On a personal note in response to LR's post, I have had my heart broken* at least once - and despite this fact and the fact of my gender, I also consider myself relatively stable on an emotional level. I certainly don't see any way in which I am punishing my current partner for my past mistakes or failings. But then maybe it's all subconscious and terribly Freudian. I do hope not.
* I too dislike this overly-emotional term. It smacks of rhetoric. Suggestions for alternatives appreciated.
Saturday, 9 August 2008
In a recent QuackCast, Dr Mark Crislip put together a rather amusing satire on the topic of "alternative flight", taken largely from his earlier blog post at Science-Based Medicine. The jist of it is that we should be introducing more alternative modalities into aeronautics just as they have been introduced to medicine; if there's a problem with the plane, don't necessarily just call the engineers - get some Reiki Masters and Tarot readers in there. Crislip's actual satire is far more involved and entertaining than that brief summary, but you get the idea.
Now I do hope I'll be forgiven if I'm wrong in this assessment, but I got the impression that the general point of the satire was to say "you wouldn't apply these crazy unscientific methods to something like aeronautical engineering, so why would you do so with medicine and the science of human biology? It's a fair question up to a point: if the scientific method is good enough for flight, why do people go elsewhere when it comes to their own bodies?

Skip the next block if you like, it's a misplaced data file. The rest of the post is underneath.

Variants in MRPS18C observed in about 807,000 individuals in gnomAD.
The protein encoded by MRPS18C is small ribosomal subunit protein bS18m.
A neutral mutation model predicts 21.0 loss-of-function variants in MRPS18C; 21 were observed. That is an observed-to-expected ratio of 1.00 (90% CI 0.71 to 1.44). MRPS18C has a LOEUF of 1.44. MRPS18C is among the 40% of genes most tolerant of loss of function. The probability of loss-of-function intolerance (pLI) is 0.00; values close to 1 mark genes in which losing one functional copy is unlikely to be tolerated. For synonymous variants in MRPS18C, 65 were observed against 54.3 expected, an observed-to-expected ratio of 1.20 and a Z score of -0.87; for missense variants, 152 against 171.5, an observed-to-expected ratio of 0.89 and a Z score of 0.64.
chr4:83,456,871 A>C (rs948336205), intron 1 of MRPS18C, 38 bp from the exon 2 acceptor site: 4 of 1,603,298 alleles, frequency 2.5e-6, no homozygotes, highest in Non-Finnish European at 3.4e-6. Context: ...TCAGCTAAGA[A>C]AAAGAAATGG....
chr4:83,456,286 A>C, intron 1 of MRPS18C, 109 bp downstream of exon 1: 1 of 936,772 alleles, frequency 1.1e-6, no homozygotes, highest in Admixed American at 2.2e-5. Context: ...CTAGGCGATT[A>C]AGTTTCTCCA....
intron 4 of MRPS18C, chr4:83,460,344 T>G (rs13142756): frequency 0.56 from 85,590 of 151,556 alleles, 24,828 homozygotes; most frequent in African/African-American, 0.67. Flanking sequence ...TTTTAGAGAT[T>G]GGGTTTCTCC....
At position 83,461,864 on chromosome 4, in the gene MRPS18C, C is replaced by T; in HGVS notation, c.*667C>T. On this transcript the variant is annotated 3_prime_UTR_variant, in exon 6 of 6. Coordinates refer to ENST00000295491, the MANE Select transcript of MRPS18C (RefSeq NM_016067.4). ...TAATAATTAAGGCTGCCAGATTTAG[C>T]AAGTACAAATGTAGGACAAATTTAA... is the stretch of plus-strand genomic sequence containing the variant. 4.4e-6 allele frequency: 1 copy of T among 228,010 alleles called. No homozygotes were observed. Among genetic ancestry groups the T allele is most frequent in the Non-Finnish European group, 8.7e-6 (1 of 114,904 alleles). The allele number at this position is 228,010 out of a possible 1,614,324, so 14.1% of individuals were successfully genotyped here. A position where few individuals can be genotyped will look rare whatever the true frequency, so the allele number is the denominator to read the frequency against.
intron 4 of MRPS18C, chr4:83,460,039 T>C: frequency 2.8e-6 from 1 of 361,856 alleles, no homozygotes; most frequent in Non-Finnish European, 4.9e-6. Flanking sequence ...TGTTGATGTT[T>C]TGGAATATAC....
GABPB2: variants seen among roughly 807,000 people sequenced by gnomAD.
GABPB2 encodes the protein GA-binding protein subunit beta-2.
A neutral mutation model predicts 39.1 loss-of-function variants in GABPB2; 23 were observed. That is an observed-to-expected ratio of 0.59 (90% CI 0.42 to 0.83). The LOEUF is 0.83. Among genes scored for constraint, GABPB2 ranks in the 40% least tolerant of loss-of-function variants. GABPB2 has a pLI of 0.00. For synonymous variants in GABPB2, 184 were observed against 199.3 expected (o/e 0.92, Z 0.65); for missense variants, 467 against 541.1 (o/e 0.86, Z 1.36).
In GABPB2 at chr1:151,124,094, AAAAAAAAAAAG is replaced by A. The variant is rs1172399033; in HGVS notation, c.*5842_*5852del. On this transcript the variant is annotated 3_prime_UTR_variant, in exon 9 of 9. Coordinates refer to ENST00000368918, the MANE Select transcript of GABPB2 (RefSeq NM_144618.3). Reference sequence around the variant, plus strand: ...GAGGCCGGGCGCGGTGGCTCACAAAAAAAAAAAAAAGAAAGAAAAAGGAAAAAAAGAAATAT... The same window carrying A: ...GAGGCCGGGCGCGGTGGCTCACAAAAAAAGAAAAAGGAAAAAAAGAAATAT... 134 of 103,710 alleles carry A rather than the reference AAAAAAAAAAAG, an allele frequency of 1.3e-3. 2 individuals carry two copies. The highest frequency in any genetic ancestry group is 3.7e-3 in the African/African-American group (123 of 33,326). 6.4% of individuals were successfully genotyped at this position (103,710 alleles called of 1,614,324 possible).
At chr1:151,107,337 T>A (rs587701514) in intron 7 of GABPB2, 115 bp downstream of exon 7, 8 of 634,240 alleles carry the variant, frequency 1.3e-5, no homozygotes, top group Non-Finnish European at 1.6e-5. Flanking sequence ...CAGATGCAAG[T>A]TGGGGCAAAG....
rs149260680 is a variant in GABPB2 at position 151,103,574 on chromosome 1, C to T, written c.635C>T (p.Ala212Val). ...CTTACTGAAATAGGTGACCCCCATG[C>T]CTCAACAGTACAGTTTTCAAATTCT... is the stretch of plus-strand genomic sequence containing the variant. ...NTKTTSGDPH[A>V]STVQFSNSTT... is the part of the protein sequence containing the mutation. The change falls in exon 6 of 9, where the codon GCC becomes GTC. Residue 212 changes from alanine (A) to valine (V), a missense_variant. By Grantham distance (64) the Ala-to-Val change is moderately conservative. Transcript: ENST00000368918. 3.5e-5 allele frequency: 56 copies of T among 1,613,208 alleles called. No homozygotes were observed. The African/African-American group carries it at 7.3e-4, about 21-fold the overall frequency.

It is a fair question, but the analogy is limited in its scope; a cursory probing will actually adequately answer the question it poses. We created aircraft; the science of aeronautics is pretty complete - we (or at least, those qualified in the necessary fields) know how every last bit of an aircraft works, because we came up with the damned things and have been developing them for over a century now. The same can hardly be said of the human body; we certainly didn't design them ourselves and had only an "ignition" role to play in their actual creation. As for the expertise, even the most qualified and knowledgeable in the medical profession don't know everything there is to know about the function of the human body - certainly not to the extent that aeronautical engineers understand that of aircraft.